Sony today announced it would soon release an update for several of its 2015 4K UHD TVs that would enable the televisions to process HDR metadata and display HDR images on-screen. There is a catch, however: HDR support will be limited, at least initially, to a small selection of content through Amazon’s Prime Instant Video service.
The firmware update, which was originally slated only for the top-tier X940C and X930C television series will now be rolled out for the the X850C, X900C and X910C models as well. HDR, which stands for High Dynamic Range, allows a television to display a wider range of luminosity levels, including deeper blacks and brighter whites. The technology benefits color as well by increasing the intensity with which color is displayed. It’s important to note here the HDR is different than Sony’s XDR (X-tended Dynamic Range) technology, which can be found in the X930C and X940C (as the Pro version), which specifically increase brightness range.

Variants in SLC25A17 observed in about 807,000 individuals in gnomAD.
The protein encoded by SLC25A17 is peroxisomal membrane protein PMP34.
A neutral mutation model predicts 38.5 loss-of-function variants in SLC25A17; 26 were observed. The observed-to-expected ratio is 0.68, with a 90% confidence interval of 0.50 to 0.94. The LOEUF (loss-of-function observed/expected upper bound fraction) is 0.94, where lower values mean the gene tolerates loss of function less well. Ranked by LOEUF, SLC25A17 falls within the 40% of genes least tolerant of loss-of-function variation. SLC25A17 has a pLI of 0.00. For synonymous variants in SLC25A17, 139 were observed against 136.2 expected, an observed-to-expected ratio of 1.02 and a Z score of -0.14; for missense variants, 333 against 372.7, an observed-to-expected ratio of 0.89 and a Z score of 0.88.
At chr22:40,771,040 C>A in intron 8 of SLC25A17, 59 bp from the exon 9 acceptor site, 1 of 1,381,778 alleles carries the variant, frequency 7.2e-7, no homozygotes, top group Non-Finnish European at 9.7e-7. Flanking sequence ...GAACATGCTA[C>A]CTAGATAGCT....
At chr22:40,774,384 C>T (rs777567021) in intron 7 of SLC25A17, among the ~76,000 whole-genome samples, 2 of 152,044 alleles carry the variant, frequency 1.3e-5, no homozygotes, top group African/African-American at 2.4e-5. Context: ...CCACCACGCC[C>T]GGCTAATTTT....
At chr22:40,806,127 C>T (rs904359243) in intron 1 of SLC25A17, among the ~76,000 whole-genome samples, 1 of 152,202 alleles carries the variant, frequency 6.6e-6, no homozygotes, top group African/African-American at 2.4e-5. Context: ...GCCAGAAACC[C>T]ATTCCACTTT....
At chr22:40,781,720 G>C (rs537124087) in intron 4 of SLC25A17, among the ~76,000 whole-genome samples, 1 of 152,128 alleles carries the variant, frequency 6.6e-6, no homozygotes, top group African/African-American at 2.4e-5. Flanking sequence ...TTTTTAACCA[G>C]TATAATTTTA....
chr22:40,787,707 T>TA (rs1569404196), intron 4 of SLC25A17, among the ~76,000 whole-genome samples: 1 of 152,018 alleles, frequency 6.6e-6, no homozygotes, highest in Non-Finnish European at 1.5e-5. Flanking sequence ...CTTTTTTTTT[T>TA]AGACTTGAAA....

Of course, all that bright and shiny new tech isn’t worth much without some content to show if off, so Sony has partnered up with Amazon Instant Video — the first streaming service to launch HDR support — to grant owners of qualifying Sony TVs access to a small selection of HDR content. As part of the deal, anyone making a new purchase of one of the aforementioned compatible Sony 4K UHD TVs this fall will get access to up to $100 of HDR content from Amazon, including The Amazing Spider Man 2, Men in Black 3, After Earth, and Fury.
Outside of that new purchase promotion, all Sony 4K UHD TV owners with an Amazon Prime account will be able to access the entire first season of Amazon’s original series Transparent and Mozart in the Jungle in HDR. Amazon will also reportedly release the pilot episode of its upcoming ’80s comedy Red Oaks in HDR.
In its announcement, Sony did not indicate whether future firmware updates might make their televisions capable of processing HDR from other sources, such as a forthcoming 4K UHD Blu-ray player. To do so, at least one of the TV’s HDMI inputs would need to be HDMI 2.0a compliant, and currently none of them are. Digital Trends reached out to Sony for comment and had not heard back at the time this article was published, but we’ll be sure to update accordingly.
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